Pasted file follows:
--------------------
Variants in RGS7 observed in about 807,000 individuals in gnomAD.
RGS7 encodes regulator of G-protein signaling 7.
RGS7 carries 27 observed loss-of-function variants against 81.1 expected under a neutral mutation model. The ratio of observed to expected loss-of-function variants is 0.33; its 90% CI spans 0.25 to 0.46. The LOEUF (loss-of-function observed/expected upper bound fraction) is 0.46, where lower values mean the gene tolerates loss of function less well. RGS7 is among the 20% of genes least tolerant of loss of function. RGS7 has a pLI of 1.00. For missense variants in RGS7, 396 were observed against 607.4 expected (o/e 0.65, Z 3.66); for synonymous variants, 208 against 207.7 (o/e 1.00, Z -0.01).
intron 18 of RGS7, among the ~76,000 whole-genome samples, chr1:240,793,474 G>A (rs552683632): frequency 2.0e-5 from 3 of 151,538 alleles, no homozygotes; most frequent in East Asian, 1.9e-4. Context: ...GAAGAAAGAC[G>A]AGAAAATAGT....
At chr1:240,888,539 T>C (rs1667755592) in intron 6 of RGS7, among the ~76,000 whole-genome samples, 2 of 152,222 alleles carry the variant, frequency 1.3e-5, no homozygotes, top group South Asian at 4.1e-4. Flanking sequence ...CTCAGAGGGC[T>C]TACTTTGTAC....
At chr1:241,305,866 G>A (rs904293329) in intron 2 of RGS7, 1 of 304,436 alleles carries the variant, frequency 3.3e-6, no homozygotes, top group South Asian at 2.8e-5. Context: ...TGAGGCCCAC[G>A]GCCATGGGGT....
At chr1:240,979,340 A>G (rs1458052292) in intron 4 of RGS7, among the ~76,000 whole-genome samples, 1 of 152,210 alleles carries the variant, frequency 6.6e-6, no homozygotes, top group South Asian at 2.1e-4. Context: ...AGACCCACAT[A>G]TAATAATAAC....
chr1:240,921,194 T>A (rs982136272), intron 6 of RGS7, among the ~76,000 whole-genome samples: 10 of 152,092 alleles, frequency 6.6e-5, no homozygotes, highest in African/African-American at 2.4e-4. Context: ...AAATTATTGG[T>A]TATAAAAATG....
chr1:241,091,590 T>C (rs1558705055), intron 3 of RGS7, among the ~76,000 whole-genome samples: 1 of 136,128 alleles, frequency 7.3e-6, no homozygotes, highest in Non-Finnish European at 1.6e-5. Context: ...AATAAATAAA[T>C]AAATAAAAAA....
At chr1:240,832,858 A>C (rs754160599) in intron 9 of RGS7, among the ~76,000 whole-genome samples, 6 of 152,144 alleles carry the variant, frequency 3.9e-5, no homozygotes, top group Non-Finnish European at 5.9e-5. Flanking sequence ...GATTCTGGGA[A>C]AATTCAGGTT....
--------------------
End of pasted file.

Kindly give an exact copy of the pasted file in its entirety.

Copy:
Variants in RGS7 observed in about 807,000 individuals in gnomAD.
RGS7 encodes regulator of G-protein signaling 7.
RGS7 carries 27 observed loss-of-function variants against 81.1 expected under a neutral mutation model. The ratio of observed to expected loss-of-function variants is 0.33; its 90% CI spans 0.25 to 0.46. The LOEUF (loss-of-function observed/expected upper bound fraction) is 0.46, where lower values mean the gene tolerates loss of function less well. RGS7 is among the 20% of genes least tolerant of loss of function. RGS7 has a pLI of 1.00. For missense variants in RGS7, 396 were observed against 607.4 expected (o/e 0.65, Z 3.66); for synonymous variants, 208 against 207.7 (o/e 1.00, Z -0.01).
intron 18 of RGS7, among the ~76,000 whole-genome samples, chr1:240,793,474 G>A (rs552683632): frequency 2.0e-5 from 3 of 151,538 alleles, no homozygotes; most frequent in East Asian, 1.9e-4. Context: ...GAAGAAAGAC[G>A]AGAAAATAGT....
At chr1:240,888,539 T>C (rs1667755592) in intron 6 of RGS7, among the ~76,000 whole-genome samples, 2 of 152,222 alleles carry the variant, frequency 1.3e-5, no homozygotes, top group South Asian at 4.1e-4. Flanking sequence ...CTCAGAGGGC[T>C]TACTTTGTAC....
At chr1:241,305,866 G>A (rs904293329) in intron 2 of RGS7, 1 of 304,436 alleles carries the variant, frequency 3.3e-6, no homozygotes, top group South Asian at 2.8e-5. Context: ...TGAGGCCCAC[G>A]GCCATGGGGT....
At chr1:240,979,340 A>G (rs1458052292) in intron 4 of RGS7, among the ~76,000 whole-genome samples, 1 of 152,210 alleles carries the variant, frequency 6.6e-6, no homozygotes, top group South Asian at 2.1e-4. Context: ...AGACCCACAT[A>G]TAATAATAAC....
chr1:240,921,194 T>A (rs982136272), intron 6 of RGS7, among the ~76,000 whole-genome samples: 10 of 152,092 alleles, frequency 6.6e-5, no homozygotes, highest in African/African-American at 2.4e-4. Context: ...AAATTATTGG[T>A]TATAAAAATG....
chr1:241,091,590 T>C (rs1558705055), intron 3 of RGS7, among the ~76,000 whole-genome samples: 1 of 136,128 alleles, frequency 7.3e-6, no homozygotes, highest in Non-Finnish European at 1.6e-5. Context: ...AATAAATAAA[T>C]AAATAAAAAA....
At chr1:240,832,858 A>C (rs754160599) in intron 9 of RGS7, among the ~76,000 whole-genome samples, 6 of 152,144 alleles carry the variant, frequency 3.9e-5, no homozygotes, top group Non-Finnish European at 5.9e-5. Flanking sequence ...GATTCTGGGA[A>C]AATTCAGGTT....